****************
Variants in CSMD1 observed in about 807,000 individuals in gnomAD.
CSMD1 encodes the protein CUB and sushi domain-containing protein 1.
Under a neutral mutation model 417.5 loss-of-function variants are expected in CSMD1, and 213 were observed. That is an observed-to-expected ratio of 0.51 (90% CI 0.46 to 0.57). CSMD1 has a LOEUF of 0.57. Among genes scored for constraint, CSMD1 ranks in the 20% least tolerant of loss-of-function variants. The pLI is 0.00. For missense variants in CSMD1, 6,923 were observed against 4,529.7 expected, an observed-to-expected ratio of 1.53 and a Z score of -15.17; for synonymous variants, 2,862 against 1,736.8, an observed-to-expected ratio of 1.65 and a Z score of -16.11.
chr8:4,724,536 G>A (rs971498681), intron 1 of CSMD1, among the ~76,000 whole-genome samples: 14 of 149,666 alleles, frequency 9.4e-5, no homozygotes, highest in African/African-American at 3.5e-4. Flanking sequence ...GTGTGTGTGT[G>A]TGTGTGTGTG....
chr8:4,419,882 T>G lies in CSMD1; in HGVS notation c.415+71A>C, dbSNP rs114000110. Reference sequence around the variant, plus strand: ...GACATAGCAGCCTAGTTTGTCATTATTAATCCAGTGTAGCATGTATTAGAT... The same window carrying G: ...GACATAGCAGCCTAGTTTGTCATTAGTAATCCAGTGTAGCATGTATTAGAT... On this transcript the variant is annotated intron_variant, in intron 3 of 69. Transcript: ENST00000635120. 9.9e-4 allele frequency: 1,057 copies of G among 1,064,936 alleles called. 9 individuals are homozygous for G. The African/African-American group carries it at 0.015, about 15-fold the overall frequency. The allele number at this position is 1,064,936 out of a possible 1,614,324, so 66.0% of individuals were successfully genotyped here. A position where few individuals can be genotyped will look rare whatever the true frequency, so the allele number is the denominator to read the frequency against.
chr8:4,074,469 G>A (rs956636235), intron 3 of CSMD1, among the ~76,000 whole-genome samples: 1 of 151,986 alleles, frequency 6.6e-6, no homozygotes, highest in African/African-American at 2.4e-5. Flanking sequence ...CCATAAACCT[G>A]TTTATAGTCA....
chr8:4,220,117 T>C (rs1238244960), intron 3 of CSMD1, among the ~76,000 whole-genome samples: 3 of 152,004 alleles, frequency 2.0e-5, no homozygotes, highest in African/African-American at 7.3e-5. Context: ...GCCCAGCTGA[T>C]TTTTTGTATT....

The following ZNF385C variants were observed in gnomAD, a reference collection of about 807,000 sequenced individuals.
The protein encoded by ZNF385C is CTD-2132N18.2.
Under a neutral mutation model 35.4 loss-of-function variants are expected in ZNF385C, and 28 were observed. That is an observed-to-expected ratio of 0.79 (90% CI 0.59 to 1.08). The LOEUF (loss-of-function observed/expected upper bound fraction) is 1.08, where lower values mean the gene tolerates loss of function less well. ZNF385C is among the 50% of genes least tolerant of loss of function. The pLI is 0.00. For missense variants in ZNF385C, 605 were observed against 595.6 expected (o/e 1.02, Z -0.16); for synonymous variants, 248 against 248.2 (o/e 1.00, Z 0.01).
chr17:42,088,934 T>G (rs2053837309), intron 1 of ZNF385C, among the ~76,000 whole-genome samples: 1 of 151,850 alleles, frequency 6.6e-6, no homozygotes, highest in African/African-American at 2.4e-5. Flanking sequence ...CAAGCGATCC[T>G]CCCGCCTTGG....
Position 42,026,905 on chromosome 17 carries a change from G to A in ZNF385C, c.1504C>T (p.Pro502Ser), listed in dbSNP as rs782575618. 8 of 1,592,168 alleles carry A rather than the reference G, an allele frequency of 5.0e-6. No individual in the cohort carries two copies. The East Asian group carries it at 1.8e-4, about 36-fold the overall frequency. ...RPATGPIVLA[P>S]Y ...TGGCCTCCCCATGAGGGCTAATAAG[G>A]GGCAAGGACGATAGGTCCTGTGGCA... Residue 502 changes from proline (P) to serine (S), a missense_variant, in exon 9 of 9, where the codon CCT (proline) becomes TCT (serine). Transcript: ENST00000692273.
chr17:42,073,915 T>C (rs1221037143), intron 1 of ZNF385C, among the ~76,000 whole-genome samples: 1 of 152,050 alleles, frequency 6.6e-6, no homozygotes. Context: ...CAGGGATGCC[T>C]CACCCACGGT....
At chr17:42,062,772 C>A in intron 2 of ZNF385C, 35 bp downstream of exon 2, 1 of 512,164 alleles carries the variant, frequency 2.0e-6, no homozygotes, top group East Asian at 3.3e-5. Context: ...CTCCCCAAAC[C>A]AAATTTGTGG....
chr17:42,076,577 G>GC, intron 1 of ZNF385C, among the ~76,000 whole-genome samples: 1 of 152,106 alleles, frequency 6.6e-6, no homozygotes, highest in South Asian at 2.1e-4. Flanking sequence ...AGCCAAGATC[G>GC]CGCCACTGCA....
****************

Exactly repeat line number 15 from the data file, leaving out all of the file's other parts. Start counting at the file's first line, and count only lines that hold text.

chr17:42,076,577 G>GC, intron 1 of ZNF385C, among the ~76,000 whole-genome samples: 1 of 152,106 alleles, frequency 6.6e-6, no homozygotes, highest in South Asian at 2.1e-4. Flanking sequence ...AGCCAAGATC[G>GC]CGCCACTGCA....